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Leaves and Caps

By Lupa

Sarah is creating a healing pouch to give to a friend who has been ill with a respiratory infection as of late. In the tiny, blue, cotton drawstring bag she crumbles some dried cedar bark she took off a nearby tree and shiitake mushrooms from the store, along with a few chips of amethyst bought at the local New Age shop. She then gives this to her friend, along with a tincture made from the roots of several violet plants from her yard, and a salad with assorted greens, carrots, radishes, and tomatoes from her garden.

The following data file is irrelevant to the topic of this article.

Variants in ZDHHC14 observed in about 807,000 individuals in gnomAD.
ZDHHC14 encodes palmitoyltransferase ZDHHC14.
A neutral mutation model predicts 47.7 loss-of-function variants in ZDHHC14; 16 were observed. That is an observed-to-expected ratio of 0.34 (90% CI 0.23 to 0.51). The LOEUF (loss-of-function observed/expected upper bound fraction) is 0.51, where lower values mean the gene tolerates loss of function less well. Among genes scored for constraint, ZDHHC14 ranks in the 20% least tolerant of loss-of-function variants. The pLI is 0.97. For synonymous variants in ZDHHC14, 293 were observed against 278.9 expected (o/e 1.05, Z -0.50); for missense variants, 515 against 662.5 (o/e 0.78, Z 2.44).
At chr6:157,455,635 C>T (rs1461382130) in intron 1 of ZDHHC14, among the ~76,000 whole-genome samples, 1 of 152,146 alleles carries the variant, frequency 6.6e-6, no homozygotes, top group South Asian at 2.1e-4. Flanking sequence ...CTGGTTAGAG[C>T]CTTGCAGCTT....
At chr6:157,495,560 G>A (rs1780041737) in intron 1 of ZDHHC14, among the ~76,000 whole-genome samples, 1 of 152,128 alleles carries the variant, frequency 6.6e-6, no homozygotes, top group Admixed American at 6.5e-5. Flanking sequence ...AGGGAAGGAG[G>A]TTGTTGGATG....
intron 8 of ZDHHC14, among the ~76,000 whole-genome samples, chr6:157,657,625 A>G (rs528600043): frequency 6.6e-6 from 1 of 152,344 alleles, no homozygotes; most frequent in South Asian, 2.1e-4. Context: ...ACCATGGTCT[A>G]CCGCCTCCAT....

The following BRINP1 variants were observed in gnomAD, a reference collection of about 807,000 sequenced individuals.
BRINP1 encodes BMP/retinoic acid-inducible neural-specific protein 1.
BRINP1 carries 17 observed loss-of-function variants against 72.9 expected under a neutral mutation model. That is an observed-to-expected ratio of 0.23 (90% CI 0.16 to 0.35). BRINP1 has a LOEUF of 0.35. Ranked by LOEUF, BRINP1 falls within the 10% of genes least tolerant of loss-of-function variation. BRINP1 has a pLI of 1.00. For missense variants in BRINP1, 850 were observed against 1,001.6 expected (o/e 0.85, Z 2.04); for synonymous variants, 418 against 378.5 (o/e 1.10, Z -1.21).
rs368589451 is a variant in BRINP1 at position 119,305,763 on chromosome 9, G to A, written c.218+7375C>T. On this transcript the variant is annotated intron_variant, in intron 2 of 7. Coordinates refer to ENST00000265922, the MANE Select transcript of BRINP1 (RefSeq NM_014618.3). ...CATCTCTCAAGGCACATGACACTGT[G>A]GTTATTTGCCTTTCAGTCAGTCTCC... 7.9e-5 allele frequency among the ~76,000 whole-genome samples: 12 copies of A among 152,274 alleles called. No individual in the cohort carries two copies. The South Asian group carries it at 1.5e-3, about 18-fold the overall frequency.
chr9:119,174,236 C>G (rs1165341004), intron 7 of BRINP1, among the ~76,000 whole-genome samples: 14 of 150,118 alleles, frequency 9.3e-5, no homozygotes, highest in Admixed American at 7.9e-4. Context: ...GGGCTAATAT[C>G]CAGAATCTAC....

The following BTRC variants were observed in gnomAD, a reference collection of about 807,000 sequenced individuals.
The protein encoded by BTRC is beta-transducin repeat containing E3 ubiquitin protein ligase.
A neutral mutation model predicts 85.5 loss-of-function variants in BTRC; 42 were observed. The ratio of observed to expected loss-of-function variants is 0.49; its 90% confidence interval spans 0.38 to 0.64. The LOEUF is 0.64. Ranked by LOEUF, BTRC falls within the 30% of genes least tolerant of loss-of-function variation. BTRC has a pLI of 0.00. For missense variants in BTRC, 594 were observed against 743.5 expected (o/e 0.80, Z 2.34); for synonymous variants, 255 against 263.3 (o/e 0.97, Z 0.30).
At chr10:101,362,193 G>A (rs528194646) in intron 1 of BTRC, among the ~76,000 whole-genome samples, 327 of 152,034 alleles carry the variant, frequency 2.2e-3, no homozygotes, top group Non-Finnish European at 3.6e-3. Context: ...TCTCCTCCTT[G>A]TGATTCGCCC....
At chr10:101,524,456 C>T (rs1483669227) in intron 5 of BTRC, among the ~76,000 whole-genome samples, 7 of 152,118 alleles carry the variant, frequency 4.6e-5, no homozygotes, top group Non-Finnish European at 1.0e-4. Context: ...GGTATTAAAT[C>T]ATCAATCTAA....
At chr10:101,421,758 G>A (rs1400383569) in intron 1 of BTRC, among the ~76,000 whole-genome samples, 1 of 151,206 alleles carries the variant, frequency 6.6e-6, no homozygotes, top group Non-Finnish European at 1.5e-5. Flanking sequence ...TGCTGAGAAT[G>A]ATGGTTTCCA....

Seems pretty innocuous, right? Let’s look at a similar situation:

John’s partner has recently been diagnosed with anemia after going to the doctor with long-term fatigue. John makes a charm from deerskin he hunted and brain-tanned himself, and asks one of his totems, Whitetail Deer, to bless it with strength and resiliency. He then offers meat from the same deer and asks the spirit of the deer to pass some of its vitality through the iron and other nutrients concentrated in it. When his partner makes a quick recovery, John gives a special offering both to the deer spirit and Whitetail Deer in gratitude for the gifts they have given.

Both of these people are making use of the remains of once-living beings in their magic. However, some people would accuse John of cruelty because he killed a deer, while praising Sarah for making use of the gifts of the earth.

I personally feel that John is the more respectful of the two.

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